The wife is entitled to dissolution of marriage on restoration of what she received in consideration of marriage if the judge apprehends that parties will not observe the limits of God.
viii. Apostasy, Conversion
A Muslim may renounce Islam, and this is known as apostasy (ridda); or a non-Muslim may embrace Islam and this is called conversion. According to the general principles of Islamic law, a person who embraces Islam is immediately governed by Islamic law. But a man who renounces Islam suffers greatly under civil as well as criminal law.
If a Muslim husband who renounces Islam is an apostate and as such his marriage with his Muslim wife is dissolved ipso facto (by the fact).
According to Syed Ameer Ali, when a Muslim married couple abandon Islam and adopt another faith, their marriage is not dissolved but remains intact.

ix. Wife renounces Islam
o the mere renunciation of Islam by a Muslim wife does not by itself dissolve her marriage.
o The above rule does not apply to a woman converted to Islam from some other faith who re-embraces her former faith.
o The act of 1939 gives a remedy, the statute provides that apostasy by itself does not dissolve the marriage, unless it is that a woman re-embraces her former faith.
x. Wife embraces Islam
o The conversion of a non-Muslim wife to Islam does not ipso facto dissolve her marriage with her husband, and the ancient procedure of ‘offering Islam’ to the husband and on his refusal obtaining a dissolution of marriage as laid down in the text.
o It was held inter alia (among other things) that, immediately upon the conversion of Madad Bibi to Islam, her marriage with her hindu husband was dissolved and her marriage to Baqar Shah was lawful; wherefore her children by him were legitimate (Faiz Ali Shah v. Ghulam Akbar Shah, PLD 1952, Azad Jammu and Kashmir, 32).
6. Effects of Dissolution
i. Matrimonial intercourse
After the dissolution is effective, matrimonial intercourse between the parties becomes unlawful. Nevertheless, the parties may, in certain circumstances, lawfully remarry.
ii. Remarriage, reconciliation.
A divorced couple can not always remarry.
iii. Fresh marriage
where the marriage was consummated, the wife has to wait till the expiration of her ‘idda in order to be able to remarry. The husband if he has four wives, must wait until the completion of the divorced wife’s ‘idda.
Where the marriage was not consummated, the parties can remarry immediately, without waiting for the expiry of the ‘idda.
iv. Dower
If the marriage was consummated, the whole dower is immediately due; if not, half the dower is payable.
v. Maintenance
The husband has to provide maintenance to the wife during ‘idda.
vi. Inheritance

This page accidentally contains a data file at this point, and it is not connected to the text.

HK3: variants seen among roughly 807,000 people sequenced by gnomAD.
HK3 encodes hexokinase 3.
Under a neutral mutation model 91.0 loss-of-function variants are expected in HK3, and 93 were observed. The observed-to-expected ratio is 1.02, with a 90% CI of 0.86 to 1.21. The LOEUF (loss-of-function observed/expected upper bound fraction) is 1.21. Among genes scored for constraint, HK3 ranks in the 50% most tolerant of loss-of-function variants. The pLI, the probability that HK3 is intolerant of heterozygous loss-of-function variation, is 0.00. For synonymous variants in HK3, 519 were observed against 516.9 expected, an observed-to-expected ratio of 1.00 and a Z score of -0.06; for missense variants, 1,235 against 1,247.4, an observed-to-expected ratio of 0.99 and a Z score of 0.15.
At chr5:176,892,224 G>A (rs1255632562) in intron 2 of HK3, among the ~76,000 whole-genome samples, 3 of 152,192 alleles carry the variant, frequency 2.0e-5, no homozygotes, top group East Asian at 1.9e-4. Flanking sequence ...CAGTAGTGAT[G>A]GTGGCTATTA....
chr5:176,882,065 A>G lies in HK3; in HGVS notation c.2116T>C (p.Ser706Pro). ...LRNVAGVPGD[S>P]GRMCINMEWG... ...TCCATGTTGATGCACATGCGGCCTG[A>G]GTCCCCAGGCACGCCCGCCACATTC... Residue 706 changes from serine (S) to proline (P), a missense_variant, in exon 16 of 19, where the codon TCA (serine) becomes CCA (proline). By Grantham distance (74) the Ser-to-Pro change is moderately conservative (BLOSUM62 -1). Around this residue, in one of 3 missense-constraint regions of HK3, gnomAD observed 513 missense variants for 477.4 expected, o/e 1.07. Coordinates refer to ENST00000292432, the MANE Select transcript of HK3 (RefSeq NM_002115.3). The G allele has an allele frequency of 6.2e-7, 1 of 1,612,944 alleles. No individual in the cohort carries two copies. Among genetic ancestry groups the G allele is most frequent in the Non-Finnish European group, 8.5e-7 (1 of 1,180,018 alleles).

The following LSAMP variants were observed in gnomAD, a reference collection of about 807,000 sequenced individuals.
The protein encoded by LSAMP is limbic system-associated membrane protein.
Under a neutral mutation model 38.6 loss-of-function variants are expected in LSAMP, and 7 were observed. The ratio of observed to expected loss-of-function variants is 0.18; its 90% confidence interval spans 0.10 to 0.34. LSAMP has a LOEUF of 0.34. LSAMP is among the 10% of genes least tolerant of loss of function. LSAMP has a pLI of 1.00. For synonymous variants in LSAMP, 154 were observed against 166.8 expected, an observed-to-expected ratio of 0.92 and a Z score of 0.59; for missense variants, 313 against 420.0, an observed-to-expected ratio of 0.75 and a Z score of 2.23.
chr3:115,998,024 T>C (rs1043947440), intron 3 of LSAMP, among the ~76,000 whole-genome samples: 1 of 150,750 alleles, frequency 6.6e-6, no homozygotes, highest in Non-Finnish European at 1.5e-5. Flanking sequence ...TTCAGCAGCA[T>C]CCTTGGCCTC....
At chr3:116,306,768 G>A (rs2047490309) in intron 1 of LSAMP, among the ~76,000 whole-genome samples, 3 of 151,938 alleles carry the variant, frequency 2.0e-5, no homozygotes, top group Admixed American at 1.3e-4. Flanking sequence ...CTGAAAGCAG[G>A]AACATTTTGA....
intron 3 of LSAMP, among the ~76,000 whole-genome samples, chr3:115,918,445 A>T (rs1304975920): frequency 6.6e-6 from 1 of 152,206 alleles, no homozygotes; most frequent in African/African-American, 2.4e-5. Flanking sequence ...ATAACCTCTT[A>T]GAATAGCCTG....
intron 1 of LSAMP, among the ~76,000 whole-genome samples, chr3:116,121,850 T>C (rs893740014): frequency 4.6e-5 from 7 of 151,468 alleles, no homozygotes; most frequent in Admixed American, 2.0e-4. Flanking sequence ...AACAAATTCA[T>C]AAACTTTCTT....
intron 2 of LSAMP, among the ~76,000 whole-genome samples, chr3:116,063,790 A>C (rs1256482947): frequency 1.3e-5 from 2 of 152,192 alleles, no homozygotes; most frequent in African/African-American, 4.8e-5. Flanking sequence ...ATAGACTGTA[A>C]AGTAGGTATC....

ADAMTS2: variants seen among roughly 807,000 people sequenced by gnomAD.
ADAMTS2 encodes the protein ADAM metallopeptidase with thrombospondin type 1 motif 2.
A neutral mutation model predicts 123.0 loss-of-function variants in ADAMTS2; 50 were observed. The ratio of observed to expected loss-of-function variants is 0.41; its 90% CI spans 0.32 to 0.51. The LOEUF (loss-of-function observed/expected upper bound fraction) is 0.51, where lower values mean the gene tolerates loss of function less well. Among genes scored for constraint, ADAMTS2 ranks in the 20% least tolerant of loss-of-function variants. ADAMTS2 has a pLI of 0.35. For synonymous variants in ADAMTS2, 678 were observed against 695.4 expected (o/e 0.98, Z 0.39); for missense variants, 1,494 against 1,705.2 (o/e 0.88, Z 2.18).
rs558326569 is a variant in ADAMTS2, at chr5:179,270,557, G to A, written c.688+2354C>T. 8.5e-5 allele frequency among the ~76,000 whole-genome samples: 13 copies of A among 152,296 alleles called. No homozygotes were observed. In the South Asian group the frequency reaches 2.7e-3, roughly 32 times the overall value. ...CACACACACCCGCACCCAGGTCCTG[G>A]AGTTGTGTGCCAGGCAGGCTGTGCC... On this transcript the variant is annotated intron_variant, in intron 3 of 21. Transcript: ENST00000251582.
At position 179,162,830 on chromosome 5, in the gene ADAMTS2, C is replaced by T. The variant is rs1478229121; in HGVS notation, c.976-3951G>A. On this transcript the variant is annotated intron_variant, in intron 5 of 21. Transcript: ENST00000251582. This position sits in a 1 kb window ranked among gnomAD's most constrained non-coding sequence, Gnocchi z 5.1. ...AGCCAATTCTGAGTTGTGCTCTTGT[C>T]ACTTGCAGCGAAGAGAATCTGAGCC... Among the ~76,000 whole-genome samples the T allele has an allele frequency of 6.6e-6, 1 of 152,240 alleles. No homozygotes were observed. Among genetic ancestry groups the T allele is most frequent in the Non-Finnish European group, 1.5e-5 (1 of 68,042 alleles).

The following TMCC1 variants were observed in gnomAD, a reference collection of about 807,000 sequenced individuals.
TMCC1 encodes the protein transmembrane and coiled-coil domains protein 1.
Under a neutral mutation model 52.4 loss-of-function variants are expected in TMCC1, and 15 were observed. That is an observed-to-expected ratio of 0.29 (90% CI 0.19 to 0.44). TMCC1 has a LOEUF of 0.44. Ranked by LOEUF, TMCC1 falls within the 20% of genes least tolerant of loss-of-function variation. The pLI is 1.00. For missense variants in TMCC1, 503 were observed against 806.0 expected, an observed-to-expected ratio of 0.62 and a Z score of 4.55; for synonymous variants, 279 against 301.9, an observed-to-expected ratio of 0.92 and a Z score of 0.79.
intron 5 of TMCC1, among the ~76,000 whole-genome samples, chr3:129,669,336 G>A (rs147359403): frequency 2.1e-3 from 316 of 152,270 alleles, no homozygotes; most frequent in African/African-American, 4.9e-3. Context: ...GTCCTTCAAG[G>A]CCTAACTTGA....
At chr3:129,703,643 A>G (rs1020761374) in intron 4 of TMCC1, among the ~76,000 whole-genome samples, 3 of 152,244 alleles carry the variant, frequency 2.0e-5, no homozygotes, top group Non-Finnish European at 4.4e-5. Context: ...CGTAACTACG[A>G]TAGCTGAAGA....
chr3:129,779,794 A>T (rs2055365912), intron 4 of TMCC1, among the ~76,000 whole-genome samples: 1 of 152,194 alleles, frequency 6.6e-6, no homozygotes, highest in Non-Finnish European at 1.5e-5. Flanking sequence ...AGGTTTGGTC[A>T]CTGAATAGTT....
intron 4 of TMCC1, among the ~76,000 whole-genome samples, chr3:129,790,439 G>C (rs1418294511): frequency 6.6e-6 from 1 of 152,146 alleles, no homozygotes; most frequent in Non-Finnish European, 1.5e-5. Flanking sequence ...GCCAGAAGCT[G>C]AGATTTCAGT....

So long as the divorce is revocable one spouse can inherit from the other; but when the divorce becomes irrevocable, the rights of inheritance terminate inter se.

7. Procedure of Talaq (Divorce)
a. Notice
The husband will send notice:
i. to the Chairman
ii. to the wife
b. Form of Notice
Notice shall be in writing.
c. Purpose of Notice
The purpose of notice is to inform about the dissolution of marriage.
d. Time for granting Notice
Notice shall be given at the time when the husband has pronounced divorce.

e. Reconciliation between the parties
The chairman is required to bring about reconciliation between the parties for this purpose he is to give notice to the parties to nominate their representatives. However, he can not compel any person to appear before him.
f. Effectiveness of Divorce
Divorce would not become effective unless and until period of ninety days has elapsed with effect from the date of receipt of notice of divorce by the chairman of the union council and by the wife. The expiry of 90 days is an essential.
g. Divorce to pregnant woman
Divorce to pregnant woman shall be affected by the delivery of the child.
h. Remarriage of the same parties
Nothing shall debar a wife whose marriage has been terminated by Talaq effective from remarriage the same husband, without an intervening marriage with a third person, unless such termination is for the time so effective.
i. Revocation of Divorce
The husband can revoke the divorce before the expiry of ninety days.
j. Punishment
Whoever contravenes the provisions shall be punishable with simple imprisonment for a term which may extend to one year or with fine which may extend to five thousand rupees or with both.
k. Commencement of Iddat
Iddat means waiting period. The most approved definition of iddat is the term by the completion of which a new marriage is rendered lawful. The observance of iddat is necessary where cohabitation has taken place.
Prof. N.J. Coulson:
“Idda is a period of waiting imposed upon a wife after the termination of her marriage.”
i. In case of divorce
o If consummation of marriage has taken place and the marriage is dissolved by divorce, the duration of iddat is three courses, or if the woman is pregnant, till delivery.
o Woman has not to observe the period of iddat if marriage was not consummated. In such case, she can marry immediately after the divorce.

ii. In case of death of husband
o The period of iddat commences from the date of death of her husband. She is bound to observe the period of iddat for four months and ten days or if the woman is pregnant, till delivery.
o If the marriage was not consummated, iddat has to be observed in the case of death of husband, but not in the case of divorce.
iii. In case of termination of Muta’
On the expiry of the period, where there has been cohabitation, a short ‘idda of two courses is prescribed; however, if there has been no consummation, no ‘idda is necessary.